The following is from the February edition of a monthly column written by Anne Arundel County Councilman Dick Ladd (R-5th District), a resident of the Broadneck peninsula.
Editor's note: At the time of this letter's submission, Bill 7-13 had been introduced which would have declared a vacancy in the County Executive's Office. The bill was later withdrawn as a result of John Leopold resigning from Office.
As February begins, the Council finds itself in an unprecedented swirl of events—change: Significant policy issues, leadership changes in the Health Department and County Executive’s office.
The change at the Health Department is significant as that Department provides some of the most important and personal services to County residents. We can debate what was wrong there, but there is not much debate that there was something wrong. Replacing the Health Officer, which the Council voted to support after much serious consideration, is the most important step, but not the only step, in assuring the continued delivery of high-quality health services. As a hybrid State and County agency, over which the Council sits as the Board of Health, the management roles are shared, unique, complex and, in my opinion, in need of review.
More importantly, after the County Executive was found guilty of two counts of misfeasance in office, Mr. Leopold has been suspended from elective office by operation of Maryland State law without pay and benefits. The County Chief Administrative Officer, John Hammond, will serve as Acting County Executive.
By the time you read this, the County Council will have considered and passed emergency legislation declaring a vacancy in the Office of the County Executive. This will trigger the Council process for filling this vacancy in accordance with Section 402 of the County Charter. Once started, the process could take as many as 30 days to select a Republican replacement, who will serve until the 2014 election and will then be eligible to run for election for two full terms in 2014 and 2018. This change could be profound!
The acting County Executive will have the opportunity to sign several major pieces of legislation now before the Council: the Critical Area Bill, the Storm Water Bill, a bill changing the time required to fully vest for a County pension, and soon, a much-needed update of the County retiree health care program.
With respect to the Critical Area bill, I am working to include a “grandfathering” provision which will make clear that your existing land uses and lot coverage are legal nonconforming uses. All existing structures, accessory structures, landscaping, and developed areas may remain in place without involuntary remediation. This means there are new, lower lot coverage allowances, storm water and pollutant load reductions, and forestation reduction requirements to comply with when and if one seeks to further develop, redevelop, or expand lot usage in a manner requiring a variance from these 1985 Critical Area requirements.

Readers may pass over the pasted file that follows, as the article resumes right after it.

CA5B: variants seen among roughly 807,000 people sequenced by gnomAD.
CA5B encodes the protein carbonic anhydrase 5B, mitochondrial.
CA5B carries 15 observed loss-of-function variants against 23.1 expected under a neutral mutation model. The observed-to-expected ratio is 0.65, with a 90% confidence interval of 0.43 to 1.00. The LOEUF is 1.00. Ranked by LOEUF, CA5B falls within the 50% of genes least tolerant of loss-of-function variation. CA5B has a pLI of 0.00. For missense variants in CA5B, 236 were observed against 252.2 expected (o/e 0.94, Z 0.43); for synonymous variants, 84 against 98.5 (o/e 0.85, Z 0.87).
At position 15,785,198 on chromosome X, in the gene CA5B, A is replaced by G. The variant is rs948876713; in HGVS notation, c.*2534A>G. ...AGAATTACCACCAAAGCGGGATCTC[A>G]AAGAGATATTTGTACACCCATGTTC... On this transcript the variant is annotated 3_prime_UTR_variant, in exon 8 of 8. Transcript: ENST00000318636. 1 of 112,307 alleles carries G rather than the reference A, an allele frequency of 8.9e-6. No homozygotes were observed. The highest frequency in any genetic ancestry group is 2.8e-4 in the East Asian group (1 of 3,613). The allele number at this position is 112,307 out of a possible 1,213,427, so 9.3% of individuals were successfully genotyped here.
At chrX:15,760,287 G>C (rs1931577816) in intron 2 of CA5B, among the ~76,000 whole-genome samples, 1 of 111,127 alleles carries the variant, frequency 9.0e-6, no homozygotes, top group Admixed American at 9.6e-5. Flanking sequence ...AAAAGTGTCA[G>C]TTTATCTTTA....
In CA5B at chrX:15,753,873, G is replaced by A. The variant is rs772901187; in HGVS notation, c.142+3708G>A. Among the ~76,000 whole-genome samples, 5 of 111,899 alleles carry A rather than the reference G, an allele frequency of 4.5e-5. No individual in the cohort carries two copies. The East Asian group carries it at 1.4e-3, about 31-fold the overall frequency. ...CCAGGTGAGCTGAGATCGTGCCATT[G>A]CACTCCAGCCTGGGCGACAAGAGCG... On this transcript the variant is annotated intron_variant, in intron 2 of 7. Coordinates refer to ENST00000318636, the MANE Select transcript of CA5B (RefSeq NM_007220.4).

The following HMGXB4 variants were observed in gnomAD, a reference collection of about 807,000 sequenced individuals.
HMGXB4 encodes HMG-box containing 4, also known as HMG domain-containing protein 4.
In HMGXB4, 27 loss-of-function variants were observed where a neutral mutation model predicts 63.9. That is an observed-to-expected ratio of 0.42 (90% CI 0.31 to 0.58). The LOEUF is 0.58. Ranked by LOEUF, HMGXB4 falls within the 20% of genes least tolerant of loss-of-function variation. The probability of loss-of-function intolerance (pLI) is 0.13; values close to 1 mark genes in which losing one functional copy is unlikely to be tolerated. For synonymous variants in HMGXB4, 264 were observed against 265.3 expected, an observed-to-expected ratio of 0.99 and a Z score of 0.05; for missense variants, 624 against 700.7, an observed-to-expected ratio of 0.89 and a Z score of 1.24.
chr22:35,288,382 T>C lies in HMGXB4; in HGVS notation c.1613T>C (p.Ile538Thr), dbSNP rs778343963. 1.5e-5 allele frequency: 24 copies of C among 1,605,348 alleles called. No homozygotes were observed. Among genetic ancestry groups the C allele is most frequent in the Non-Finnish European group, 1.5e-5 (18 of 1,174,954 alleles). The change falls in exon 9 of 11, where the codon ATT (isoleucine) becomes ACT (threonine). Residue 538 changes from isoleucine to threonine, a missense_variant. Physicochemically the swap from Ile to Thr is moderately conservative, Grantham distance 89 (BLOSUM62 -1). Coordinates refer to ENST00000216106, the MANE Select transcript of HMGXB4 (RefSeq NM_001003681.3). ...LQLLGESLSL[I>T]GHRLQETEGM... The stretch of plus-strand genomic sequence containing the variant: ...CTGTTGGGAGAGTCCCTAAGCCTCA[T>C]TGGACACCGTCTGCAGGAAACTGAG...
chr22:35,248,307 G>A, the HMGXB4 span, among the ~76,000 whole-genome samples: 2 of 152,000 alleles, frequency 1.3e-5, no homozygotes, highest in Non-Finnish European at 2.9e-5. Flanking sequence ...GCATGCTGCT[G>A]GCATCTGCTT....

For residents in the Critical Area, these latest lot coverage reductions (or “takings” as some argue) have been on the books for many years. In fact, Bill 93-12 grants the County Planning Officer the authority to modify some of these limiting requirements, on a case-by-case basis, for unintended consequences from literal interpretations in unique situations. Owners with a waterfront buffer area face the most restrictive conditions where heavy forestation is desired, often required as mitigation for revised land use elsewhere behind the buffer. One should contact the Planning and Zoning Office as you develop your land use or redevelopment options beyond your existing, grandfathered situation to carefully understand the tradeoffs involved.
The Storm Water Bill (Bill 2-13) establishes the State mandated fee or funding source. Procedurally, it also establishes a dedicated account outside of the County General Fund to fund long-term, storm water management infrastructure bonds. This $1.2 billion in necessary infrastructure expenditures (includes $50 million for backlogged maintenance) is one of the steps I view as efficient and essential for dealing with the County’s “structural deficits”. It will also restore nearly all the creeks, streams and rivers incident to cleaning up the Bay.
The Bill establishes a three-tier fee structure: small, medium and large with a fee of $34, $85 and $170 respectively based on lot sizes. This fee will be included in the 2014 property tax bills.
Next month: My thoughts on proposed changes in County retirement and health care benefits which are important corner stones of total employee compensation that accounts for some 75% of the County budget.
In the meantime, if you have specific questions – of which there can be many – please email me at email@example.com or call me at 410-222-1401. I will be glad to hear and learn from you.
Read previous columns by Ladd:
- Ladd Addresses Critical Area Bill in Latest Column (January)
- Ladd Offers Information About Critical Area Law (December)
- Councilman Ladd Highlights October's Council Progress (November)
- Ladd Against Limiting County Executive's Veto Power (October)
- Ladd Reviews Charter Amendments on Nov. Ballot (September)
- Councilman Ladd: Schools Benefiting from Budget Actions (August)
- Councilman Ladd Outlines Local Budget Impacts (July)
- Ladd: Council Will Address Bylaws This Month (June)